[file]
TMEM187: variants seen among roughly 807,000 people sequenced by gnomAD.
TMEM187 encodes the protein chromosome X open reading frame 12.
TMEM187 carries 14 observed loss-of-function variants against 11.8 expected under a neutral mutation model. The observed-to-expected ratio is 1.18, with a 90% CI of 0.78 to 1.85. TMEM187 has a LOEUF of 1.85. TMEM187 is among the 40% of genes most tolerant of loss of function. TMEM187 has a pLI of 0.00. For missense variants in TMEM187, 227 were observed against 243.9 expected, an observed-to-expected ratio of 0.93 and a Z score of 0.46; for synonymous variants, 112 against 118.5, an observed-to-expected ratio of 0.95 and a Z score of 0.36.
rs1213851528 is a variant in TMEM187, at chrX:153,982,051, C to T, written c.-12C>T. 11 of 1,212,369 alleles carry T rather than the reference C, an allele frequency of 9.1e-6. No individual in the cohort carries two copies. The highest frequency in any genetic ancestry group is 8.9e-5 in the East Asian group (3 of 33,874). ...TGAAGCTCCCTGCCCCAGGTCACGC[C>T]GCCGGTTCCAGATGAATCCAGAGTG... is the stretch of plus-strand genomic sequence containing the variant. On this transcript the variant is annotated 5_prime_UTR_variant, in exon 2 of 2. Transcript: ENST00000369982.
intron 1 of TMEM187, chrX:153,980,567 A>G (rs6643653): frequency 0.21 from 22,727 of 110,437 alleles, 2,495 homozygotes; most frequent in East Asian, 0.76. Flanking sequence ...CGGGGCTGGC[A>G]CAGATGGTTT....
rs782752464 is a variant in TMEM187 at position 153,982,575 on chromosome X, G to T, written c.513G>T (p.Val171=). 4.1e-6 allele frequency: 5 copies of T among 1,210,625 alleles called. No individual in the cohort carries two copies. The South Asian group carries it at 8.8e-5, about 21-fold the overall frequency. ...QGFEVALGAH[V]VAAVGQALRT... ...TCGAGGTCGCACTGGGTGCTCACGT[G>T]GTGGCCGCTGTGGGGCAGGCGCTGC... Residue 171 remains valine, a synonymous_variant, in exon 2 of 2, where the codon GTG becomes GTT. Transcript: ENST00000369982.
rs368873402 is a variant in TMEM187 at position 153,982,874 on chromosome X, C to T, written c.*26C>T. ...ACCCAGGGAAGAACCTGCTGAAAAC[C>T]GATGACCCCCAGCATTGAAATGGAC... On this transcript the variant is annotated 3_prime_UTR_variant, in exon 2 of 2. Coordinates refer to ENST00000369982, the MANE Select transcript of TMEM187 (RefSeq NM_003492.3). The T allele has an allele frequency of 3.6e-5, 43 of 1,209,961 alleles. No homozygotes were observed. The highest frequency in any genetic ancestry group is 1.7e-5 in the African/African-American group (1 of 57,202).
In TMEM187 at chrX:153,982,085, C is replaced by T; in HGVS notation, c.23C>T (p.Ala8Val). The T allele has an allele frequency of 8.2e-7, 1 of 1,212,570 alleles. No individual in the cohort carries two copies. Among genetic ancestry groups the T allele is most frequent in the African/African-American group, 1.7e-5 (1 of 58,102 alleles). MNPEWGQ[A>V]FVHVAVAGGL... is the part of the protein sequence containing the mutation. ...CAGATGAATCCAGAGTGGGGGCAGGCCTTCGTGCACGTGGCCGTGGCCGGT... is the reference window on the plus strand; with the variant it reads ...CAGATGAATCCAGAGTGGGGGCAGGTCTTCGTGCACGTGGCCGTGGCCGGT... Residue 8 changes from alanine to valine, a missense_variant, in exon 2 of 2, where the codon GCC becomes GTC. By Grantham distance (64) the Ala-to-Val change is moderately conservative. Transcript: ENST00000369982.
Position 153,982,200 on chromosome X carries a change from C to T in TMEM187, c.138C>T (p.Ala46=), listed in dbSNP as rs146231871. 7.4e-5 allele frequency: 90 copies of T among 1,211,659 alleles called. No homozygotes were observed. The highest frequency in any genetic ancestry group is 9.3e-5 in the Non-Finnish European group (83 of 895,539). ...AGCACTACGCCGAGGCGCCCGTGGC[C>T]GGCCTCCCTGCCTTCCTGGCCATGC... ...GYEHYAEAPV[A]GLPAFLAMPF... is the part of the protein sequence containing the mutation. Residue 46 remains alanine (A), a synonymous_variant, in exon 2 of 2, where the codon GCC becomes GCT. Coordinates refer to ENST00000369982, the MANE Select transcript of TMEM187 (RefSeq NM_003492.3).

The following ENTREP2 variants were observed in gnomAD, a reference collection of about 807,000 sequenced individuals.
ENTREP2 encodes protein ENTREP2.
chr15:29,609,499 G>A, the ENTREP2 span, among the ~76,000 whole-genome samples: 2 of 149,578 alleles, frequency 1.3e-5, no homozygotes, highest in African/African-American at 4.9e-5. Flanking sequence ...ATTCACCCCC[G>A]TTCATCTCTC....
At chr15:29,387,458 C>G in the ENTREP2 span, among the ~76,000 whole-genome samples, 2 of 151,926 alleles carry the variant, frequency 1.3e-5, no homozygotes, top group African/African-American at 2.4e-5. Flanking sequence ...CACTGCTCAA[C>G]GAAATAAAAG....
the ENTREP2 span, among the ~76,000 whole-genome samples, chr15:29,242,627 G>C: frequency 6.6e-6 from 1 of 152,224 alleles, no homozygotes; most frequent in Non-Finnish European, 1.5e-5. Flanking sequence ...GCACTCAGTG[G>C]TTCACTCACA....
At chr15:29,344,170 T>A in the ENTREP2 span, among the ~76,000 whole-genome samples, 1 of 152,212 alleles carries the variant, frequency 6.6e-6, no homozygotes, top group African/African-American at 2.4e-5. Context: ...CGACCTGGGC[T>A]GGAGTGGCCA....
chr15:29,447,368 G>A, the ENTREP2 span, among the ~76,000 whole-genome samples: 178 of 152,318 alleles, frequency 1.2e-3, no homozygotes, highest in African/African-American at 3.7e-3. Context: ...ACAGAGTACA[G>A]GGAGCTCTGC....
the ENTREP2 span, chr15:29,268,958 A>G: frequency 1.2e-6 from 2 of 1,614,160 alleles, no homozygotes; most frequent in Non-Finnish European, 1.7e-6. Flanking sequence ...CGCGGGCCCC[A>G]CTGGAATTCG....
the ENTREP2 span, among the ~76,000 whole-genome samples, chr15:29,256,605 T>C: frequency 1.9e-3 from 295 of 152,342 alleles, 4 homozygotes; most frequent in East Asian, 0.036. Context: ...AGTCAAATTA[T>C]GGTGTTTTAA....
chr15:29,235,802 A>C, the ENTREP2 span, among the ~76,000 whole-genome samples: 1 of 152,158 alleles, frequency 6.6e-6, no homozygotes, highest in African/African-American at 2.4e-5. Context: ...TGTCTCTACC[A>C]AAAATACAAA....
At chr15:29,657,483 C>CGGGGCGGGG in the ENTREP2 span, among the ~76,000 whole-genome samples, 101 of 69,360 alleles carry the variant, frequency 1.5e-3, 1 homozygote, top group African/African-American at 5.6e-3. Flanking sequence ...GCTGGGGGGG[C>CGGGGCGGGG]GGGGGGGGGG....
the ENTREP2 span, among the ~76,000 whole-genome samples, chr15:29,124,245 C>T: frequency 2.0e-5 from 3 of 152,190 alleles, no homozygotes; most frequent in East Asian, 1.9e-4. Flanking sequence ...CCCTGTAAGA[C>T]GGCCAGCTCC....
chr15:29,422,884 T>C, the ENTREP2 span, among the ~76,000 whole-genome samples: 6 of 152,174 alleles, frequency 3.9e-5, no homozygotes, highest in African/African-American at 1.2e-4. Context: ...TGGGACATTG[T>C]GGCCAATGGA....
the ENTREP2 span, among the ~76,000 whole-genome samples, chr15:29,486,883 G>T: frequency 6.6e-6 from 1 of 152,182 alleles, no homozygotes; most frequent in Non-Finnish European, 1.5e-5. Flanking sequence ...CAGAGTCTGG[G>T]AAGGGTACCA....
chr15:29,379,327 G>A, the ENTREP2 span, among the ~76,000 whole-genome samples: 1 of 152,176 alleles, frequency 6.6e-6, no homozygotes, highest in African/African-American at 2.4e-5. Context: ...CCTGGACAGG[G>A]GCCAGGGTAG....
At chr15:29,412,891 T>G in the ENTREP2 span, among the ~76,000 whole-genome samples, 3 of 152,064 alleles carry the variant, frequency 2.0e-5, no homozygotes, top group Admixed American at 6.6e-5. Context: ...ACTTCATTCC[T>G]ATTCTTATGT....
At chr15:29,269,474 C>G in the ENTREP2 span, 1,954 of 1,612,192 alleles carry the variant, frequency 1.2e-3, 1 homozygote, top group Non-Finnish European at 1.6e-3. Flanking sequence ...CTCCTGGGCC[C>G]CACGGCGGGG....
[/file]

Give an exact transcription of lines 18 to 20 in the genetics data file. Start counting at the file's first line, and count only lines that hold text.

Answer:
the ENTREP2 span, among the ~76,000 whole-genome samples, chr15:29,256,605 T>C: frequency 1.9e-3 from 295 of 152,342 alleles, 4 homozygotes; most frequent in East Asian, 0.036. Context: ...AGTCAAATTA[T>C]GGTGTTTTAA....
chr15:29,235,802 A>C, the ENTREP2 span, among the ~76,000 whole-genome samples: 1 of 152,158 alleles, frequency 6.6e-6, no homozygotes, highest in African/African-American at 2.4e-5. Context: ...TGTCTCTACC[A>C]AAAATACAAA....
At chr15:29,657,483 C>CGGGGCGGGG in the ENTREP2 span, among the ~76,000 whole-genome samples, 101 of 69,360 alleles carry the variant, frequency 1.5e-3, 1 homozygote, top group African/African-American at 5.6e-3. Flanking sequence ...GCTGGGGGGG[C>CGGGGCGGGG]GGGGGGGGGG....